Youngsters across Thanet will be returning to school tomorrow (March 8) as part of the first phase of the government’s roadmap out of covid restrictions.
Secondary schools and colleges have already been inviting students in for rapid lateral flow tests, including at a ‘drive-through’ programme at St George’s secondary.
Schools and colleges have discretion to stagger the return of their students over the next week to facilitate testing and their safe return to the classroom.
After three initial tests on-site students will be provided with two rapid tests to use each week at home.
Parents/carers can also collect tests to be used at home between 1pm- 8pm at the Margate (Dreamland car park) and Manston test sites. Two boxes per parent, seven kits per box. Find site details here
Tests can also be ordered online, find out more here.
Those who are eligible to pick up the home testing kits are:
- secondary school pupils and college students
- staff of primary and secondary schools and colleges
- households, childcare and support bubbles of primary and secondary-age pupils and college students
- households, childcare and support bubbles of staff of primary and secondary schools and colleges
Primary school pupils will not be asked to test at this time.
Twice-weekly testing will also be offered to adults working in the wider school community, including bus drivers and after school club leaders.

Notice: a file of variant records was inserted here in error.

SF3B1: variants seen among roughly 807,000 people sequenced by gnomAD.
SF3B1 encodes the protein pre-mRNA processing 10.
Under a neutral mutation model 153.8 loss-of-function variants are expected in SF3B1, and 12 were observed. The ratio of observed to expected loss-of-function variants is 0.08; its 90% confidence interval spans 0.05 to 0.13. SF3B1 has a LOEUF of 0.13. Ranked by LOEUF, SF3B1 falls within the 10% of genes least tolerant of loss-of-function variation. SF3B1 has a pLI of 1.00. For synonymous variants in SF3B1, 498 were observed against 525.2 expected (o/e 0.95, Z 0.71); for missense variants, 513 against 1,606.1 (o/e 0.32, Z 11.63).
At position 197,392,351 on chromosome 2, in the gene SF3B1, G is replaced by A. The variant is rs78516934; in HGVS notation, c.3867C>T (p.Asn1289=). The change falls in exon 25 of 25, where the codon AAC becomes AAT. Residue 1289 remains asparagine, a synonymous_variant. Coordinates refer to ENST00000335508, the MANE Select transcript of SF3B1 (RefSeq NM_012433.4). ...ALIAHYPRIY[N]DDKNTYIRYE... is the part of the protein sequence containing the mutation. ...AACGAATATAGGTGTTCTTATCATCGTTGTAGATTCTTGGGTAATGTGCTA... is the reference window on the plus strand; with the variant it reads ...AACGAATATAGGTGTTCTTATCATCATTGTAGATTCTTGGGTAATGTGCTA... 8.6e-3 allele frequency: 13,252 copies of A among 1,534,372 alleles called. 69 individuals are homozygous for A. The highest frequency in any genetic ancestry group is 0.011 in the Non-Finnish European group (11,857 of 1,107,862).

How do lateral flow tests work?
Watch our animated explainer to find out ⬇️ pic.twitter.com/f3qlCMb0xh
— UK Prime Minister (@10DowningStreet) November 16, 2020
Lateral flow testing detects cases quickly – in under 30 minutes – meaning positive cases can isolate immediately.
Secondary school and college students are also being asked to wear face coverings wherever social distancing cannot be maintained as an additional safety measure through to Easter.
Education Secretary Gavin Williamson said: ”Tomorrow will mark a moment of joy for millions of people across the country – from the students going back to class to the teachers who can’t wait to get them back – as young people walk through their school and college gates and are reunited with their friends.
“I do not underestimate how challenging the last few months have been with some children in class and most at home, but I do know how important it is for all children to be back in school, not only for their education but for their mental health and wellbeing.
“I’d like to thank children, young people, their families and carers for their patience and resilience in the face of the challenges the pandemic has posed.”
Existing safety measures remain in place, including maintaining distance between staff and students where possible, good ventilation and regular hand washing.
The return to face to face education includes plans for an expansion of one-to-one and small group tutoring programmes across all age groups, summer provision for those pupils who need it the most, and flexible additional one-off funding for schools to use for their most disadvantaged pupils.